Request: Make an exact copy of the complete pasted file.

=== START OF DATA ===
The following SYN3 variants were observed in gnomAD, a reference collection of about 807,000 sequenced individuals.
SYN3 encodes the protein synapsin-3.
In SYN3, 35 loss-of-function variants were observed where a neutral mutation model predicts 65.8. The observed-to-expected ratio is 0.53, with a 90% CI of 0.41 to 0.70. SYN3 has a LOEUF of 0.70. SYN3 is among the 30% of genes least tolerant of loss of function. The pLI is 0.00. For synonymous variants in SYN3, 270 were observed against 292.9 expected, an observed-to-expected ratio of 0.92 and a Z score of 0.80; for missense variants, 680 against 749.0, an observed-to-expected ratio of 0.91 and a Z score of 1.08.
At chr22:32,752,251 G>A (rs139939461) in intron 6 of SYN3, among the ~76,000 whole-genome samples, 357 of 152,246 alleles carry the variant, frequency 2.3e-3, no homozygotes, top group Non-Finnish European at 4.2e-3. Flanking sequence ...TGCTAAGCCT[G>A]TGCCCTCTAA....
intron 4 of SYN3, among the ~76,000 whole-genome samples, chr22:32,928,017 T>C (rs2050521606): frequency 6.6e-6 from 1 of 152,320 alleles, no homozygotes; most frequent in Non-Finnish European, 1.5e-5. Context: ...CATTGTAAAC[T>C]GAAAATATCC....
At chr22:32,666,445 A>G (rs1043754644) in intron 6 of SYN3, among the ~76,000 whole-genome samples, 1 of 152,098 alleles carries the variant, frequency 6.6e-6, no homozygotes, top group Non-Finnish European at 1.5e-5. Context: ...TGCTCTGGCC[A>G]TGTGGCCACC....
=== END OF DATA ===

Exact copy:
The following SYN3 variants were observed in gnomAD, a reference collection of about 807,000 sequenced individuals.
SYN3 encodes the protein synapsin-3.
In SYN3, 35 loss-of-function variants were observed where a neutral mutation model predicts 65.8. The observed-to-expected ratio is 0.53, with a 90% CI of 0.41 to 0.70. SYN3 has a LOEUF of 0.70. SYN3 is among the 30% of genes least tolerant of loss of function. The pLI is 0.00. For synonymous variants in SYN3, 270 were observed against 292.9 expected, an observed-to-expected ratio of 0.92 and a Z score of 0.80; for missense variants, 680 against 749.0, an observed-to-expected ratio of 0.91 and a Z score of 1.08.
At chr22:32,752,251 G>A (rs139939461) in intron 6 of SYN3, among the ~76,000 whole-genome samples, 357 of 152,246 alleles carry the variant, frequency 2.3e-3, no homozygotes, top group Non-Finnish European at 4.2e-3. Flanking sequence ...TGCTAAGCCT[G>A]TGCCCTCTAA....
intron 4 of SYN3, among the ~76,000 whole-genome samples, chr22:32,928,017 T>C (rs2050521606): frequency 6.6e-6 from 1 of 152,320 alleles, no homozygotes; most frequent in Non-Finnish European, 1.5e-5. Context: ...CATTGTAAAC[T>C]GAAAATATCC....
At chr22:32,666,445 A>G (rs1043754644) in intron 6 of SYN3, among the ~76,000 whole-genome samples, 1 of 152,098 alleles carries the variant, frequency 6.6e-6, no homozygotes, top group Non-Finnish European at 1.5e-5. Context: ...TGCTCTGGCC[A>G]TGTGGCCACC....